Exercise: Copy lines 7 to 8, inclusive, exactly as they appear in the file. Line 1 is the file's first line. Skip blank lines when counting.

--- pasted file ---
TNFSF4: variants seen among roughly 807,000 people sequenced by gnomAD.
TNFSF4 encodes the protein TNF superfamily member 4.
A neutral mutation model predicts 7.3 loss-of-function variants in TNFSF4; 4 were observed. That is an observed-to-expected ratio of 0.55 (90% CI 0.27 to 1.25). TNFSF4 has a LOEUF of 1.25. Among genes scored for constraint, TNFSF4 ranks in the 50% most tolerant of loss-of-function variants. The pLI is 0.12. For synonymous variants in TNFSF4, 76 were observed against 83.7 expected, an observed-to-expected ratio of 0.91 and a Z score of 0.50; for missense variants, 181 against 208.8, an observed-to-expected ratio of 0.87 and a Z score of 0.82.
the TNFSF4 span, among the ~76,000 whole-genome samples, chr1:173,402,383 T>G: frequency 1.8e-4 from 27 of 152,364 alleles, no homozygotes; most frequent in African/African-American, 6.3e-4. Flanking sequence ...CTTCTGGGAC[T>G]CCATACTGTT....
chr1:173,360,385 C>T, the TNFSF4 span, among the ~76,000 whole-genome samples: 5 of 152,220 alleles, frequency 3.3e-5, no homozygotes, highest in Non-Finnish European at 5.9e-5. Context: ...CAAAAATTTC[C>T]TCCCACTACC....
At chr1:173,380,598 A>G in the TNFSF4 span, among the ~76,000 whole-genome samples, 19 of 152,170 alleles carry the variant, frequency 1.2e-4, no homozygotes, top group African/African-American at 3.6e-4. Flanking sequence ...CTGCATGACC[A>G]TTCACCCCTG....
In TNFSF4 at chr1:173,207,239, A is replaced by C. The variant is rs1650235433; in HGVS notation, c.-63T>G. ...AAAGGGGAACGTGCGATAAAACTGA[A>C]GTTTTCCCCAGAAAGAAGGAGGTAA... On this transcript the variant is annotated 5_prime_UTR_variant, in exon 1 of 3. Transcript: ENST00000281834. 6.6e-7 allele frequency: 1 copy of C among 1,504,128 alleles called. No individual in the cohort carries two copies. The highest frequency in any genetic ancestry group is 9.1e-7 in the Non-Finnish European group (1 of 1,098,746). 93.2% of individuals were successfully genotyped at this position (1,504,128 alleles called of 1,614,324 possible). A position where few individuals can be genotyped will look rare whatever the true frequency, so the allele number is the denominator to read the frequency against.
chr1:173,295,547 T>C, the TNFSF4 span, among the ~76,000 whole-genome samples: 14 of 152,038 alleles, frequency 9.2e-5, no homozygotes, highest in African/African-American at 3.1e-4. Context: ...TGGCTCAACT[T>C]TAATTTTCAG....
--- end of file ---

In TNFSF4 at chr1:173,207,239, A is replaced by C. The variant is rs1650235433; in HGVS notation, c.-63T>G. ...AAAGGGGAACGTGCGATAAAACTGA[A>C]GTTTTCCCCAGAAAGAAGGAGGTAA... On this transcript the variant is annotated 5_prime_UTR_variant, in exon 1 of 3. Transcript: ENST00000281834. 6.6e-7 allele frequency: 1 copy of C among 1,504,128 alleles called. No individual in the cohort carries two copies. The highest frequency in any genetic ancestry group is 9.1e-7 in the Non-Finnish European group (1 of 1,098,746). 93.2% of individuals were successfully genotyped at this position (1,504,128 alleles called of 1,614,324 possible). A position where few individuals can be genotyped will look rare whatever the true frequency, so the allele number is the denominator to read the frequency against.
chr1:173,295,547 T>C, the TNFSF4 span, among the ~76,000 whole-genome samples: 14 of 152,038 alleles, frequency 9.2e-5, no homozygotes, highest in African/African-American at 3.1e-4. Context: ...TGGCTCAACT[T>C]TAATTTTCAG....